Michael Hooper is set to become the latest member of the test centurions’ club when Australia take on New Zealand in Wellington on Sunday.

In doing so he will become the 12th Wallaby to rack up 100 test appearances. Only the unlikely combination of an injury suffered during Australia’s Rugby World Cup 2019 pool campaign and the ongoing COVID-19 pandemic have prevented Hooper reaching that milestone in record time.

Hooper, who has captained the Wallabies on 46 of his 99 test appearances, has enjoyed a stellar international career since starring at the World Rugby U20 Championship 2011 in Italy.

We take a look at the five defining moments of the openside’s time in the test arena.

England v Australia, Twickenham, 17 November, 2012

At the end of his first year in international rugby, Hooper put in a performance at Twickenham that left observers in no doubt of his potential. Hooper had made his test debut as a replacement against Scotland in June, before an injury to David Pocock presented an opportunity in the Wallabies’ starting side that took on New Zealand in Auckland in August. But it was in south-west London that the young openside announced himself to the wider world. In the early stages at Twickenham, Hooper took a pass from Nick Phipps and powered through an attempted tackle from Tom Youngs, before accelerating past Charlie Sharples and Tom Johnson, and chucking an offload to Nick Cummins in support. It was a moment that set the tone for an hour of Wallabies dominance. As Australia came under pressure in the final quarter, Hooper showed remarkable commitment in defence and his 14 tackles helped the visitors hold on to record a 20-14 victory.

Ireland v Australia, Aviva Stadium, 16 November, 2013

Hooper returned to the northern hemisphere 12 months later as an established test starter, and scored his first international tries against Ireland at the Aviva Stadium. None of his 19 test tries to date will have been as easy as that first one, as the openside profited from Scott Fardy’s deft back-handed offload to run in unopposed. Hooper was sent to the sin-bin eight minutes before half-time, but returned to the action after the break and soon had a second score. Just as the hosts threatened a comeback in Dublin, Australia secured an attacking lineout, and after the pack’s surge towards the line was underlined by a fourth try of the match, it was Hooper who emerged with the ball.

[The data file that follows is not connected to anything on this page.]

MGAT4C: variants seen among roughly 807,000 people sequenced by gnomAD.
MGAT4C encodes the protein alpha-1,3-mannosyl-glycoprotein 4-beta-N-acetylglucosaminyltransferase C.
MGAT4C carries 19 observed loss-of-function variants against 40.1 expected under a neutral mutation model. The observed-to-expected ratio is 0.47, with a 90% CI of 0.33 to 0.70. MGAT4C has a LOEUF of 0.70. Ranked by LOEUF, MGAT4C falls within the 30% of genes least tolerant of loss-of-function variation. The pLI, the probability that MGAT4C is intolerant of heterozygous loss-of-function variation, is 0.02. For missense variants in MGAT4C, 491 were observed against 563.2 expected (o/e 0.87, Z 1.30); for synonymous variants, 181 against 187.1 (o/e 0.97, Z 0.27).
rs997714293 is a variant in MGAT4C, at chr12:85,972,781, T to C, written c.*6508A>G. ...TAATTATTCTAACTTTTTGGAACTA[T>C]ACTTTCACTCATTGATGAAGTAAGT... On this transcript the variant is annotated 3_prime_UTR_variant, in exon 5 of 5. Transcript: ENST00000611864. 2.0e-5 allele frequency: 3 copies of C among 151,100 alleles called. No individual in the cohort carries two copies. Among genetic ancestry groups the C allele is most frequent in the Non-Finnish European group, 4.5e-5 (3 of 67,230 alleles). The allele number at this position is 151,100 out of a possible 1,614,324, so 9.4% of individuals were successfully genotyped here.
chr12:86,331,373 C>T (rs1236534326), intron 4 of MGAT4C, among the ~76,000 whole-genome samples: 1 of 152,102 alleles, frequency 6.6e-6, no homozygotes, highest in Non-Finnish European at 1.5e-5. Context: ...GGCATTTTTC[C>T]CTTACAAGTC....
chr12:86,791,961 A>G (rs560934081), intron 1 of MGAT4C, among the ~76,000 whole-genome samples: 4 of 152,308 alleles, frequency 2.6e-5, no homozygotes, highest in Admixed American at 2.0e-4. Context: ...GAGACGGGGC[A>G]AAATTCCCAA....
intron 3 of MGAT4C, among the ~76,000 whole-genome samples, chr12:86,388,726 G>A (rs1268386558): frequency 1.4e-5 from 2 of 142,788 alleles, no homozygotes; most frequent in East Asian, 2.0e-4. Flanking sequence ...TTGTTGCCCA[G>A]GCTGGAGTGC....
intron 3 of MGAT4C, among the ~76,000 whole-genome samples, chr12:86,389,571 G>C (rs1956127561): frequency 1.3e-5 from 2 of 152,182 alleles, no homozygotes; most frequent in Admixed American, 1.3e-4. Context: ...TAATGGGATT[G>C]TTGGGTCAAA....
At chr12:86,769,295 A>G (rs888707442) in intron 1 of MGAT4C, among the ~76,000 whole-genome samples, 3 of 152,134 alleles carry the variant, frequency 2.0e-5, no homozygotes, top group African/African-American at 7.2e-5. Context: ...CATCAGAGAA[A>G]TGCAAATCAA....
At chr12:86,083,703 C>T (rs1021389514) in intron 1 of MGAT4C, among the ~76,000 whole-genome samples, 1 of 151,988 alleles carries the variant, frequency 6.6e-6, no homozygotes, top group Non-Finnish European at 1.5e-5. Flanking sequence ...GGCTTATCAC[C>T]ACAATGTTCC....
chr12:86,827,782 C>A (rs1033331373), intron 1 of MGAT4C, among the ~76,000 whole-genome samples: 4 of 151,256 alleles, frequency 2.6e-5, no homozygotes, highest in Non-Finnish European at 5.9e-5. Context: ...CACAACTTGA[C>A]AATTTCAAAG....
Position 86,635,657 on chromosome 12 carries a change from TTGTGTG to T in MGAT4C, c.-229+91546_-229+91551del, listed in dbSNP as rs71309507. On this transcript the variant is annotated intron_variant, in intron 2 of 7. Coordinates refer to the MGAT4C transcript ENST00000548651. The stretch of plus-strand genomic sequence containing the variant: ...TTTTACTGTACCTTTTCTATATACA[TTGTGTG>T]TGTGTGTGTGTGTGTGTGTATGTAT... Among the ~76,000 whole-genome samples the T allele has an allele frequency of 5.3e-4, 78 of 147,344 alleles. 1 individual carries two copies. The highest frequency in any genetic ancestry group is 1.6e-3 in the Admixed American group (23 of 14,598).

Australia v France, Docklands Stadium, 14 June, 2014

Just two years after making his test debut, Hooper became the youngest player to captain the Wallabies since Ken Catchpole in 1961. The flanker was still only 22 when he led out his country to play France in Melbourne. The Wallabies had beaten Les Bleus 50-23 just seven days previously, but the match at Docklands Stadium proved to be one for the purists with defences on top. The biggest call for Hooper on the day came in the 52nd minute when Australia were awarded a penalty having threatened the French line without piercing it. He pointed to the posts, and it proved a wise choice as Bernard Foley dissected the posts to open the scoring. Nic White added a 65th-minute penalty to seal a 6-0 victory for the hosts, and their new captain. "You've just got to find a way to win, at the end of the day," Hooper said at full-time. "All the good teams do that, and we're on our way to being in that sort of category.”

New Zealand v Australia, Twickenham, 31 October, 2015

The biggest match of Hooper’s 99-test career came back in south-west London as the Wallabies contested the Rugby World Cup 2015 final against New Zealand. Less than three months previously, in Sydney, Hooper had beaten the All Blacks for the first time. On that day, his work alongside David Pocock at the breakdown had proved key, and both would be prominent again at Twickenham. However, despite the best efforts of their twin opensides, Australia struggled to contain the All Blacks early on. Hooper himself was on the receiving end of a particularly strong Conrad Smith tackle in the opening exchanges. He recovered well, and at times it seemed that Hooper and Pocock were repelling New Zealand almost on their own. Two tries in 11 second-half minutes reduced the Wallabies’ deficit to just four points, but the effort exerted in the first hour took its toll as the All Blacks scored 13 unanswered points in the final 10 minutes to win 34-17.

Wales v Australia, Principality Stadium, 11 November, 2017

By the time Australia and Hooper arrived in Cardiff in November, 2017, the flanker was used to scoring international tries. In fact, no Australian forward had crossed the whitewash more times than him. Hooper had matched Rocky Elsom and Jeremy Paul’s haul of 14 tries when he touched down against New Zealand three months earlier. He was also used to beating Wales, having won each of his six encounters with the Welsh heading into that encounter. An action-packed match ensued under the closed Principality Stadium roof, in which Hooper became a record-breaker. With time up at the end of the first half, Hooper received the ball inside the Welsh 22, with Reece Hodge providing an overlap on his right shoulder. Hooper decided against using the winger, instead spotting a half-gap between Gareth Davies and Steff Evans, whose attention had been grabbed by Hodge, to sneak over the line. Hooper remains the most prolific Wallabies forward in history, having increased his tally to 19 in the intervening three years.

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